I have done a fair bit of work with twin wall Lexan, Plexiglas, and Coroplast and have a few tips to pass on.
Lexan, which is polycarbonate is pricey but "unbreakable" (Won't shatter) and comes in solid and multiwall sheets. In solid sheets it is used as bullet proof glass. It scratches a bit more easily than Plexiaglas (acrylic) but can be polished back if the scratches are not too bad. You can get it with a Teflon coating to reduce scratching. Multiwall lexan can be worked like coroplast. It comes crystal clear and in some solid colours.
Plexiglas is acrylic and comes in solid and multiwall sheets. It can be worked with sharp tools and cut on a table saw with a sharp blade and eye protection but go slowly because it can shatter from heat build up or extreme pressure near the tool Drills for plexiglas have 90 degree rake angles so they don't dig in and cause those nasty cracks. You can modify your own with an bench grinder. Comes in clear and many colours.
Coroplast is a trade name for twin wall polypropylene copolymer.
Coroplast - The Leading Manufacturer of Corrugated Plastic
It is used for a ton of things like signs, packaging ecomodding etc. It cuts easily, is flexible and comes in a rainbow of colours. It is probably the cheapest of the multiwall plastics.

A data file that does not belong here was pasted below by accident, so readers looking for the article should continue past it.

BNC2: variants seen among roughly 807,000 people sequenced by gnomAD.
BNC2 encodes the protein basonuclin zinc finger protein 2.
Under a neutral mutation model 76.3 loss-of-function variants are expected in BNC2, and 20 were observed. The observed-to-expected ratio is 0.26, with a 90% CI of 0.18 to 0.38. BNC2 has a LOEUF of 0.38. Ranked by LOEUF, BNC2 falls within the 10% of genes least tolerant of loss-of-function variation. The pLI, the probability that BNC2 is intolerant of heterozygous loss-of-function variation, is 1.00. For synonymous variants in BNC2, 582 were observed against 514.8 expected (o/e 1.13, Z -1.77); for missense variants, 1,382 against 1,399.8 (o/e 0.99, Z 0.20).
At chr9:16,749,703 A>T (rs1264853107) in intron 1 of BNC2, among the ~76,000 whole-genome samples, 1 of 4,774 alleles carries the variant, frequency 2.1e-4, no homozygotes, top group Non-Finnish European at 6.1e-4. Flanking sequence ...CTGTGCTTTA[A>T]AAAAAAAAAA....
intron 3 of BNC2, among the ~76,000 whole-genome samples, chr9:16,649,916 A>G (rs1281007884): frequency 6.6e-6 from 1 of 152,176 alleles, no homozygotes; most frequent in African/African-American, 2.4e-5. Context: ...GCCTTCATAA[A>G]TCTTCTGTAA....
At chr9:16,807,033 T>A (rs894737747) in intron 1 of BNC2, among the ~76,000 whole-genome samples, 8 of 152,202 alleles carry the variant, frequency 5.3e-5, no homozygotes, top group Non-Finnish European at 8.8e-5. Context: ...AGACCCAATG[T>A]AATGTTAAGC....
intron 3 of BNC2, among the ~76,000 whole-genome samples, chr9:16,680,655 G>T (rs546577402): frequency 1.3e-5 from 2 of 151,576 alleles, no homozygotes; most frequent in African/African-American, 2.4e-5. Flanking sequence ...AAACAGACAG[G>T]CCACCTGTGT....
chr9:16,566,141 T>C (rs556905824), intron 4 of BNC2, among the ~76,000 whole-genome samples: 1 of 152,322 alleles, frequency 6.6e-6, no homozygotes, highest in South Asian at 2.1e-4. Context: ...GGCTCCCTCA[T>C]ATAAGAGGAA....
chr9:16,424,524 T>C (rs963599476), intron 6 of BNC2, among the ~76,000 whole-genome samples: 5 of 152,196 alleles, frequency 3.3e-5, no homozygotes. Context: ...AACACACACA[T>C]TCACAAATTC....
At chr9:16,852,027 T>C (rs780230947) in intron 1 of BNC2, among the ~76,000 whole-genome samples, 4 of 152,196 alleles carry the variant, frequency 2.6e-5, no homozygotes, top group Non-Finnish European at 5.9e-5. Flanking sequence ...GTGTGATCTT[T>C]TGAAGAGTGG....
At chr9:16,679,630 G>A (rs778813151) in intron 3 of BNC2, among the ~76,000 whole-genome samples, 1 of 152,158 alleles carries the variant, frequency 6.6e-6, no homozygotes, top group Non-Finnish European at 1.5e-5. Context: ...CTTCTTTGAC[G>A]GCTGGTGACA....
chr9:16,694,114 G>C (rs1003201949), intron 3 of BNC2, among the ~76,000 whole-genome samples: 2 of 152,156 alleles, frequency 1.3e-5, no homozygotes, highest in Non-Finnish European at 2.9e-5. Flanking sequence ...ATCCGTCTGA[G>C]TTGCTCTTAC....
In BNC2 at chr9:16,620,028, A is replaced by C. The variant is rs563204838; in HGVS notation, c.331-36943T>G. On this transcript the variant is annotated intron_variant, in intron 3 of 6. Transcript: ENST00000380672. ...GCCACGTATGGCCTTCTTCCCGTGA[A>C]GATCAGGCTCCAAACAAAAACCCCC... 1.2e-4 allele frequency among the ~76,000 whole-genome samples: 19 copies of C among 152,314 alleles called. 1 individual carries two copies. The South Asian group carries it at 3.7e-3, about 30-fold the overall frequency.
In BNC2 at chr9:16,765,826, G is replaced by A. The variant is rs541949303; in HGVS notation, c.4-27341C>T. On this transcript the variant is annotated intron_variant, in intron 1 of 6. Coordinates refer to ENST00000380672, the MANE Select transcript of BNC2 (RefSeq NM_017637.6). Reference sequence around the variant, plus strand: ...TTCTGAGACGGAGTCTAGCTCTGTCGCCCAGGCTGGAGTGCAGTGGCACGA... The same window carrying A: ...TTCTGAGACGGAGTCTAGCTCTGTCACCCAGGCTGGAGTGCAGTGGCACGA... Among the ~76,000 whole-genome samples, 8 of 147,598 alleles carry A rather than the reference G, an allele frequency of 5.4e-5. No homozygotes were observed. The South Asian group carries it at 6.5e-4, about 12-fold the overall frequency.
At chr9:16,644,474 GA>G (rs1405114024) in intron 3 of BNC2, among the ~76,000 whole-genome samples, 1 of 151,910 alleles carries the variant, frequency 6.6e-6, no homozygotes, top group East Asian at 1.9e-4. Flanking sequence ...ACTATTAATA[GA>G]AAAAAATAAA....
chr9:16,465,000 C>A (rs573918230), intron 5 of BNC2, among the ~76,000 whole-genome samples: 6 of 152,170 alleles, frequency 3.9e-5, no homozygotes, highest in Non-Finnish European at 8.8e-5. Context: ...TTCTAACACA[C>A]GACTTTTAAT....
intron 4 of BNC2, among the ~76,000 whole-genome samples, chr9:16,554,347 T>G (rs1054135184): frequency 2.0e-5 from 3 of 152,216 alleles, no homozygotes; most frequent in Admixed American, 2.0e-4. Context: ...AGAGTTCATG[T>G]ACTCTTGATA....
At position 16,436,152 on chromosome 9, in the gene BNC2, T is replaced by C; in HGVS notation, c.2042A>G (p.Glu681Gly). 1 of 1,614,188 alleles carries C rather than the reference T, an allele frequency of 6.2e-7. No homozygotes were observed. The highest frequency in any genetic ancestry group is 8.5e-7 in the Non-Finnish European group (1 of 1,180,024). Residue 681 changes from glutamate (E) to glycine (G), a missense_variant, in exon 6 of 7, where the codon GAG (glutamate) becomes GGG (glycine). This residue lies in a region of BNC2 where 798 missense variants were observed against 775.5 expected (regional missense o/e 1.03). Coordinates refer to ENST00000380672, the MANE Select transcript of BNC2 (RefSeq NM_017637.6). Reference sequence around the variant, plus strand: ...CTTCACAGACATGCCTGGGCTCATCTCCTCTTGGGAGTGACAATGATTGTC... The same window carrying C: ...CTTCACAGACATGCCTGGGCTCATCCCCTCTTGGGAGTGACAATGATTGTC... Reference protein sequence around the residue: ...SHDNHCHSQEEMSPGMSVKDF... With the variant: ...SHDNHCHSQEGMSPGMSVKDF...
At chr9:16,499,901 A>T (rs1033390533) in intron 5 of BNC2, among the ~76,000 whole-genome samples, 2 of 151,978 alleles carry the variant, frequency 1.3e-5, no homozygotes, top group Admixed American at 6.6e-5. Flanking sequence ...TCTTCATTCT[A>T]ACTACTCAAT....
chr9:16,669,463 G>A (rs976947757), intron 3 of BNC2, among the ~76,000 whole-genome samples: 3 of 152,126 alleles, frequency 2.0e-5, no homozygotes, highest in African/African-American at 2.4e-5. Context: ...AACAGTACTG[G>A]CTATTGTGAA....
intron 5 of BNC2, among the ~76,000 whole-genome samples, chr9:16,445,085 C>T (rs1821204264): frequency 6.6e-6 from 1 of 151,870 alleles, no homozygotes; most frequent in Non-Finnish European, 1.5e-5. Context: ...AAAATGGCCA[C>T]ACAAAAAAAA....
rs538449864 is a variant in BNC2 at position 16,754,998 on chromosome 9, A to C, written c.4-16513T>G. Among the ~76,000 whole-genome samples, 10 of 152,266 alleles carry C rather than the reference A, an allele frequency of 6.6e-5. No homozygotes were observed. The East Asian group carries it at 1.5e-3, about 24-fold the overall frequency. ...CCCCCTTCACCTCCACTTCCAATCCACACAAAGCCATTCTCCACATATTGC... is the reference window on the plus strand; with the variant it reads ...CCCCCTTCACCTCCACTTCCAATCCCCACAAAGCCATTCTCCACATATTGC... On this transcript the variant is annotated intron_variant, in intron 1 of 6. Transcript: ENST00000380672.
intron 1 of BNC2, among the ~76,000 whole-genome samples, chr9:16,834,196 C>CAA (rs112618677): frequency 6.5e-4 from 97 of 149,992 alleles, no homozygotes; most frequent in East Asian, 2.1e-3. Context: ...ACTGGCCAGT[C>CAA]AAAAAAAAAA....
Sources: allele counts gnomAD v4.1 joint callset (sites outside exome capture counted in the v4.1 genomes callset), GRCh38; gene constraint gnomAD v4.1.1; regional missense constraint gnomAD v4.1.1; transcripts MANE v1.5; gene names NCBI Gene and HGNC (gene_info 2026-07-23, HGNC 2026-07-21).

All of these come in a a variety of thicknesses.
For twinwall and thin plastics Use a sharp knife like an Olfa or similar with the snap off blades.
Use the larger blades, the smaller ones can snap easily.
Always cut towards your shipmates.
To really clean up and straighten an edge when making cuts with the "grain" use a sharp
wood plane. and clamp the piece to a board to hold it steady. A jack plane works best (Stanley #5, 14" long) but a smoothing plane works too. (Stanley #3 or #4, 9-11" long
The shorter hand planes tend to follow the bumps. If you have used a straight edge this shouldn't be a problem.
The plane can also be used to round over sharp edges so you don't cut yourself.
Home Depot and Rona carry "Coroplast" in 4X8 sheets Rona has more colour choices though. Sign shops may sell you some as they work with it all the time.
You can also look under plastics in the yellow pages for suppliers. Phone around for pricing because it can vary. Fax in a few professional looking requests for a quote if you have a fax machine. This lets them know they have competition for your business. They also might sell wholesale to you.
Hope this helps.